Truth and Reconciliation Commission
- (Video: 4.5 minutes) Understand the facts, feel the pain with your heart.
- The TRC’s 2015 Findings and Final Report Summary.
Reading the TRC’s Calls to Action is an education in itself. Which one touches you, inspires you to work passionately to implement that Call to Action? Pick one and go for it!
- See Podcasts by Honourable Murry Sinclair under Indigenous Insights
National Research Centre for Truth and Reconciliation has a mandate to archive evidence from residential schools and TRC hearings. The Centre also is to document and foster meaningful reconciliation in the relationship between Indigenous and non-Indigenous Canadians. Manitoba Legislation makes its rationale (Whereas…) and Mandate (clause 3) clear:
National Centre for Truth and Reconciliation has a wonderful collection of brief videos and stories in its Education tab.
The National Council for Reconciliation is being established as the agency that will report to Canadians on our progress toward reconciliation. An interim Board made its report in June 2018.
- 2008 Apology – Canada apologizes for residential school system.
- 2016 – Canada changes course on Indigenous rights, adopts United Nations Declaration on the Rights of Indigenous Peoples “without qualification” and Senator Sinclair talks with Rosemarie Barton on precedents and next steps.
- 2017 – Métis Nation Accord with the Government of Canada. The preamble provides an interesting history and the accord demonstrates good intentions. A good step forward, a beginning.
- CBC Beyond 94
The Yellowhead Institute’s perspective
Progress on TRC Calls to Action is partly in the “eye of the beholder.” The Yellowhead Institute provides evidence that two more Calls to Action are complete. This report is about 50 pages and is worth the time. Calls to Action Accountability: A 2022 Status Update on Reconciliation (Special Report).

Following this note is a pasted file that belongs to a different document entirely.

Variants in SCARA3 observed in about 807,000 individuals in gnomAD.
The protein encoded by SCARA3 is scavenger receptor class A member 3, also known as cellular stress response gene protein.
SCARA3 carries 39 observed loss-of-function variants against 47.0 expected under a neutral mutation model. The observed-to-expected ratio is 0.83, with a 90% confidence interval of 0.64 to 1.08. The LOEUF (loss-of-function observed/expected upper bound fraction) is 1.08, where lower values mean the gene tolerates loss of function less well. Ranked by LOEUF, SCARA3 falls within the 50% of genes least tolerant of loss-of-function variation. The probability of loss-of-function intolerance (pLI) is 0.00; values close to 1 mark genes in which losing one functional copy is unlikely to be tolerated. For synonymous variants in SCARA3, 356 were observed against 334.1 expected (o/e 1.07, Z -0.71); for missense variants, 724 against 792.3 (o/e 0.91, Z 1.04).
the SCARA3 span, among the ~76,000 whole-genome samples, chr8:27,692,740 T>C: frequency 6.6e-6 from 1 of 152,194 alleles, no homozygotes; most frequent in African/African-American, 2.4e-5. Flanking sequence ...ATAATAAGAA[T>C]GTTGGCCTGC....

“There are two categories of Calls to Action: Legacy and Reconciliation.
Legacy Calls to Action (1–42) seek to redress ongoing structural inequalities in Child Welfare, Education, Health, Culture & Language, and Justice. Many of the Legacy Calls to Action aim to end injustices that Indigenous peoples are still experiencing.
Reconciliation Calls to Action (43–94) are composed of 17 subcategories. Broadly, these Calls to Action are meant to advance reconciliation through:
- inclusion of Indigenous peoples,
- educating Canadians on residential schools, reconciliation, and Indigenous worldviews, and
- establishing policy and practice in various sectors that uphold Indigenous Rights.
The editors summarize what they see … “limited transformative change … symbolic gestures, even if important … p.7 Calls to Action Accountability 2022.
Saskatchewan Ministry of Education
- Funding shortfalls for Indigenous children
Funding Sources for Education: In Canada, public funding for education comes either directly from the provincial or territorial government or through a mix of federal-provincial transfers and local taxes collected either by the local government or by school boards with taxing powers. Provincial and territorial regulations set out the grant structure and level of funding for each school board based on factors such as the number of students, special needs, and location.
- A 2016 Manitoba study (see page 25-27 in particular) explains some of the factors that impact education funding on reserves in that province. Funding arrangements vary by province
- 2015 Provincial Audit Report on gaps in Educational achievement
- Mandatory education on Indigenous history and present-day challenges
- Indigenous Curriculum and how it is taught